I’ve always bemoaned the lack of short (chin-length not cropped) hair images in magazines. I just like having something to reference when I’m getting a haircut (as I did the week before last in order to take off more brown as the gray starts appearing. No, I haven’t given up my experiment in geriatric coiffing yet).
But I just realized where short hair thrives: TV commercials featuring moms. Sensible, sexless (at least in comparison to luxurious cascading waves) and low maintenance. These ladies are nurturing but no nonsense.
Sometimes these moms can be carefree. But often they’re scolds like the uptight mommy in a high fructose corn syrup ad.
My hair currently looks like a mom who rents from Alamo and reads her teen daughter’s text messages.
So, I have mom hair. But I don’t think I would ever be any of these kinds of moms. I did have a few realizations while watching A Woman Under the Influence last weekend.
First, I realized that I really like Cassevetes films and then it struck me that as much as I’m anti-parent there is a mothering style I find oddly compelling, at least in cinema: the‘70s working class mom. It’s the only parenting style that seems inoffensive to me and by that I think I mean the accidental no rulebook style, kind of melancholy and winging it.
More Ellen Burstyn in Alice Doesn’t Live Here Anymore (I suppose TV show Alice, too) than That ‘70s Show’s PTA-ness that’s more a product of nostalgia than of the era. Bonnie Franklin’s Ann Romano in One Day at a Time might fit this mold. I keep thinking Shelly Duval in The Shining but I don’t think that’s quite right. In a more current vein, Sarah Connor might qualify as this type of mom, though she’s not quite carefree enough. You know, staving off Armageddon and all.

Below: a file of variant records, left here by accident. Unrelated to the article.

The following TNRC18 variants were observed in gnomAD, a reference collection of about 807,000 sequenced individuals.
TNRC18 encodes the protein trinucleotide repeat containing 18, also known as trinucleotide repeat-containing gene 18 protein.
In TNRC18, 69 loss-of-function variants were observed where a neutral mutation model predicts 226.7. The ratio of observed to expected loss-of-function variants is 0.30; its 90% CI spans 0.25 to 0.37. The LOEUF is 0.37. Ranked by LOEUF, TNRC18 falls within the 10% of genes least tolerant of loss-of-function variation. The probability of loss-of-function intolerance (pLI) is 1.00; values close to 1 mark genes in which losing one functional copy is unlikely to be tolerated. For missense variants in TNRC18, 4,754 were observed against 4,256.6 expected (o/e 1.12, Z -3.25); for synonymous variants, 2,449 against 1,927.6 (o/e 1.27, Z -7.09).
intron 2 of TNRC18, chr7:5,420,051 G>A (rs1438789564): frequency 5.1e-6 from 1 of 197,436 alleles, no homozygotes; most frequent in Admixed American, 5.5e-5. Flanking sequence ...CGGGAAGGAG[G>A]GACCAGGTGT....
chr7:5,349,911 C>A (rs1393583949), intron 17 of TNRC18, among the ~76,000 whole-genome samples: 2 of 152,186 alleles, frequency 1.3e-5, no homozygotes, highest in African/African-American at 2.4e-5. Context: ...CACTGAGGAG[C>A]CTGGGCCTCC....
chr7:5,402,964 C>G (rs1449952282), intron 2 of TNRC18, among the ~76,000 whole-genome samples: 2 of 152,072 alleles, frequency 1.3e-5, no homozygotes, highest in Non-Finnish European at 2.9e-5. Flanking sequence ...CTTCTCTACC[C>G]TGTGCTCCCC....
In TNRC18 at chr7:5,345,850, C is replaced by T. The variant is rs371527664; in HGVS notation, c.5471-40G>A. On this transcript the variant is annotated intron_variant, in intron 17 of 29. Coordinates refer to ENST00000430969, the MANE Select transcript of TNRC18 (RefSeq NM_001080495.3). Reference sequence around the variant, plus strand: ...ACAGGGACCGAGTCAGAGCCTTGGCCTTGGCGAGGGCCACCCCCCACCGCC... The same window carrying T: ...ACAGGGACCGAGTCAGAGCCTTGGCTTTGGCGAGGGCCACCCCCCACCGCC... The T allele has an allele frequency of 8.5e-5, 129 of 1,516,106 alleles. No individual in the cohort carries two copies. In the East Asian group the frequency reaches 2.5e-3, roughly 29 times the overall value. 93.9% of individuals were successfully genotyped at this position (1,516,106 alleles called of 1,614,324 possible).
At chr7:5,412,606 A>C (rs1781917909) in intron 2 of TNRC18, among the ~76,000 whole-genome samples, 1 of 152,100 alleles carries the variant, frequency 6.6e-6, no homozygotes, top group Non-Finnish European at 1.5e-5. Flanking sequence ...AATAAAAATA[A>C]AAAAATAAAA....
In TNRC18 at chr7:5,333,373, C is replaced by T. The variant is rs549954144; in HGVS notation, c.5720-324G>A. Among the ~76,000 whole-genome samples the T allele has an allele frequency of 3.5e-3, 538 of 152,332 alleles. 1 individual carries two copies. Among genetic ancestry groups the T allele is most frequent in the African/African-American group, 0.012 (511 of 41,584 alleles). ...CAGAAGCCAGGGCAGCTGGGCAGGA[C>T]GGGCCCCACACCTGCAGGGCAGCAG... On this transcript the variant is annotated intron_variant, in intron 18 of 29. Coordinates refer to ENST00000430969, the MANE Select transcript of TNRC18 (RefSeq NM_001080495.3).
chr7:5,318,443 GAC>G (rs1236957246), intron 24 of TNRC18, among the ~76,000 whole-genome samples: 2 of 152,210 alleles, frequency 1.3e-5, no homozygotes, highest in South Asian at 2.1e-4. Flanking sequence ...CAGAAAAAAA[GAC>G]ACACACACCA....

They shouldn’t be confused with “cool” moms. Lorelai on Gilmore Girls, Hilda on Ugly Betty, Nancy on Weeds. These are regular moms who might let their kids walk to the corner store or semi-freak out if their husband or boyfriend was giving the children sips of his beer but just for show. They might not baby the kids as much as they should because they’re busy, preoccupied or possibly have an under control addiction or mental problem. Family just happened with no foresight to the future.
Somewhere in the Regan era moms got all controlling and high strung and never stopped. From the child's perspective, I recall lot of ridiculous fear in the ‘80s like the war on drugs, obsessions with kidnapping, latchkey kids, nuclear threats and so on. I have no idea what drives the moms of the fertility-obsessed ‘00s.